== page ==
I think these verses in 1 John are the epitome of Scripture’s declaration that God is our heavenly Father and we are his beloved children. To be sure, there are many many verses in Scripture that speak of God’s people as his children, and God as Father. But these verses capture the amazement of that truth. John is expressing an overwhelming assurance of God’s love for his children. It’s an eternal assurance that we possess now and forever. An assurance and love that we can abide in. That pretty much captures the heart of this text.

Before we work through what that all means, there’s another father here. Meaning, there’s another father mentioned in these verses. Really the whole book. An earthly father, a spiritual father. And that is the apostle John. Over and over, he calls his readers, “children” or “little children”. We’ve seen that already. That’s because he is writing to his church. John is writing to the people whom God had entrusted into his spiritual care. As we’ve worked through 1 John so far, we’ve experienced John’s love for them. Sometimes it has been a tough love. The love of this spiritual father for his spiritual children has required love paired with firmness. Clarity paired with sensitivity. That’s because children need discipline and direction.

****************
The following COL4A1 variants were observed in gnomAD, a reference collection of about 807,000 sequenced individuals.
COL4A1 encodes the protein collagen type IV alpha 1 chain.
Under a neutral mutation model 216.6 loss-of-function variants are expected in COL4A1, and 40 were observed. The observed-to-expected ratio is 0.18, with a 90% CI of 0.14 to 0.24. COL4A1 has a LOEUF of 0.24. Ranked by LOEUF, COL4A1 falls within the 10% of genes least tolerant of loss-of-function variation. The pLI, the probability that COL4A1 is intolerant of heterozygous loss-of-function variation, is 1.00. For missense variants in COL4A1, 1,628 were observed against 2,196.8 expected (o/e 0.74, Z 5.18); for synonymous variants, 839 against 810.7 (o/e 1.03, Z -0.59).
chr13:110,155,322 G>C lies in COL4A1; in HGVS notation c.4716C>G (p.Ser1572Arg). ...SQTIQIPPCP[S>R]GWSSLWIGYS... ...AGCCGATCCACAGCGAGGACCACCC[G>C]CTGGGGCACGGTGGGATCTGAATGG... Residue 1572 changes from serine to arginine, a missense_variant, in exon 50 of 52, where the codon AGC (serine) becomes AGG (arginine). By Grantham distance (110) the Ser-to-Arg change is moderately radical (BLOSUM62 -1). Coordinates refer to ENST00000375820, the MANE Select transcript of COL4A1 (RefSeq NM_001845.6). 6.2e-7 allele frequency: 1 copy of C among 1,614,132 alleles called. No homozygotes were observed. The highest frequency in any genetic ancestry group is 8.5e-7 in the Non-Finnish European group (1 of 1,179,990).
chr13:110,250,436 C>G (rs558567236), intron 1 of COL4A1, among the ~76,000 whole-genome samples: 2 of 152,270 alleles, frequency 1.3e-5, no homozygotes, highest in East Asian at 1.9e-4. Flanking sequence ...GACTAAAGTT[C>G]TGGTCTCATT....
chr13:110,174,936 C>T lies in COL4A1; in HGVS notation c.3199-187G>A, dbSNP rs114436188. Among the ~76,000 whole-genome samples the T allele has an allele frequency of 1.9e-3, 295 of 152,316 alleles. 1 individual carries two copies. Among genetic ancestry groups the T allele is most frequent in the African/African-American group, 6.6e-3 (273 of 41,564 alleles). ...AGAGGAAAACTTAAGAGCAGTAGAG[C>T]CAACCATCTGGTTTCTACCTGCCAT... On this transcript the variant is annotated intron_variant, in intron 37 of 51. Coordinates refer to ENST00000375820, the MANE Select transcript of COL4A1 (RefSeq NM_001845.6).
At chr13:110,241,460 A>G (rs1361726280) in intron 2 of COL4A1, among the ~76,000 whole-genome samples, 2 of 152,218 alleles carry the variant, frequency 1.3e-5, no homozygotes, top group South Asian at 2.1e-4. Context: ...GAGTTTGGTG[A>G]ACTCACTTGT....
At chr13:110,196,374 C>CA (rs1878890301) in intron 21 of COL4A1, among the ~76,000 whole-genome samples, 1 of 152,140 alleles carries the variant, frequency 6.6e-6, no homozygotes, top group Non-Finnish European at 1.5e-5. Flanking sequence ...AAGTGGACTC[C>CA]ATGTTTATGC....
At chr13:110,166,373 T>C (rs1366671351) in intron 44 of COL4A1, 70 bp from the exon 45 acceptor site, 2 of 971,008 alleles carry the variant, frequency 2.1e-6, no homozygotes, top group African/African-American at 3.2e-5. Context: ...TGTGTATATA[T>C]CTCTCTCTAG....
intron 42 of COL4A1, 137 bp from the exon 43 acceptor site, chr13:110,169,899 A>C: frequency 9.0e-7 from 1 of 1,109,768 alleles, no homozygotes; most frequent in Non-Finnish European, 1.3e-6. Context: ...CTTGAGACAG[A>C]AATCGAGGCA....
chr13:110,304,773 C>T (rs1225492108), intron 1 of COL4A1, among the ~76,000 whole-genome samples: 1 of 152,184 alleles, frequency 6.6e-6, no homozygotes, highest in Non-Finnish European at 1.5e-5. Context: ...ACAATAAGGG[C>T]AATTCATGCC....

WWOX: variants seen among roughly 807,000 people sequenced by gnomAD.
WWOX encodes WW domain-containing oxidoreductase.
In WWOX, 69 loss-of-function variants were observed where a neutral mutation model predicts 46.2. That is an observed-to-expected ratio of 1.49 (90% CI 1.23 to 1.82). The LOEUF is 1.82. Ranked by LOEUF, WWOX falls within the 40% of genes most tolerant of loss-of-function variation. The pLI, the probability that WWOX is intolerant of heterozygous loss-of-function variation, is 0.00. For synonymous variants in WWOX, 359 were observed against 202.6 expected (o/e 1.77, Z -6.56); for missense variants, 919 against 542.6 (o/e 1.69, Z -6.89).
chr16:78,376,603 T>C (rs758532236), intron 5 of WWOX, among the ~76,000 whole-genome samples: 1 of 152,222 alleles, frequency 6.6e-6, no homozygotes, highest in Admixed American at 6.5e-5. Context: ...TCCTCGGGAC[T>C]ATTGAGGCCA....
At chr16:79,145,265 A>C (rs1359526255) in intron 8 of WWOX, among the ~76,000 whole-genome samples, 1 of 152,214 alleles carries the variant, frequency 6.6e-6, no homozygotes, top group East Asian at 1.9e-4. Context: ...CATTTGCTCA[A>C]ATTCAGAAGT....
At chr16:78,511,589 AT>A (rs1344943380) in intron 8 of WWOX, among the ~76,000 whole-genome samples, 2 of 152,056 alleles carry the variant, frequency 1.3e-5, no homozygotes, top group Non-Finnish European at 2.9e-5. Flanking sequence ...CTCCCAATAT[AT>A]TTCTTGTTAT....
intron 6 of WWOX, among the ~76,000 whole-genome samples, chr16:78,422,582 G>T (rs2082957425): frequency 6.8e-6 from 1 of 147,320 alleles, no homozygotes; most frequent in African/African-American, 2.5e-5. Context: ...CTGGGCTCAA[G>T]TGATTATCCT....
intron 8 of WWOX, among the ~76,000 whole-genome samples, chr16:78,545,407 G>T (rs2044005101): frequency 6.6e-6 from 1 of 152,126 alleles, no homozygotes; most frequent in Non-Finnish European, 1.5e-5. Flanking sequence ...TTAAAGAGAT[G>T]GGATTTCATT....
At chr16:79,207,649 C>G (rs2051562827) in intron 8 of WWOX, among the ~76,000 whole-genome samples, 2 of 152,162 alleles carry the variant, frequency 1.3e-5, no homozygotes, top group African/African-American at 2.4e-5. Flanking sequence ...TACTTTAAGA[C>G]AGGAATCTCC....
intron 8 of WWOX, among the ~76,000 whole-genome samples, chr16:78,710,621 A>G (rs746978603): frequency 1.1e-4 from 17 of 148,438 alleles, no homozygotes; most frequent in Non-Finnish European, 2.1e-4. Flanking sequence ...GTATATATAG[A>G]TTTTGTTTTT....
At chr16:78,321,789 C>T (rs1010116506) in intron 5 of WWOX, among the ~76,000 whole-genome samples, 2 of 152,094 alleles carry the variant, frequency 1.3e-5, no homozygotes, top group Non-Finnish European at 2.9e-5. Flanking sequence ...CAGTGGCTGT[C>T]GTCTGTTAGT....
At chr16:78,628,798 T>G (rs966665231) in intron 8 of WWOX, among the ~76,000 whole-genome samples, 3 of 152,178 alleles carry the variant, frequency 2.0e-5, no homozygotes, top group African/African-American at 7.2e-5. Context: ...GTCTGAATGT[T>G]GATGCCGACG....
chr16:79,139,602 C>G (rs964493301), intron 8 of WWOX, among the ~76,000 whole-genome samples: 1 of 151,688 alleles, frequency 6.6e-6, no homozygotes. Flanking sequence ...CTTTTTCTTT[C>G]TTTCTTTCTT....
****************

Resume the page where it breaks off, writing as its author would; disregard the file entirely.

Kids, Do you like it when you are punished? Of course not. Who does? Do you like it when your mom or dad sits you down and says, “we need to talk?” Probably not! But the thing is, that discipline and that tough guidance is meant to mature you. The more you resist it, the harder it will be for you. Jesus said, “Every branch in me that does not bear fruit he takes away, and every branch that does bear fruit he prunes, that it may bear more fruit.” Kids, the discipline that your parents exercise with you will help you to mature and bear spiritual fruit in your life. And your parents do it because they love you. Let me say, it’s easier and better for you if you receive that tough love rather than resist it (Parents, you can thank me later for that one!)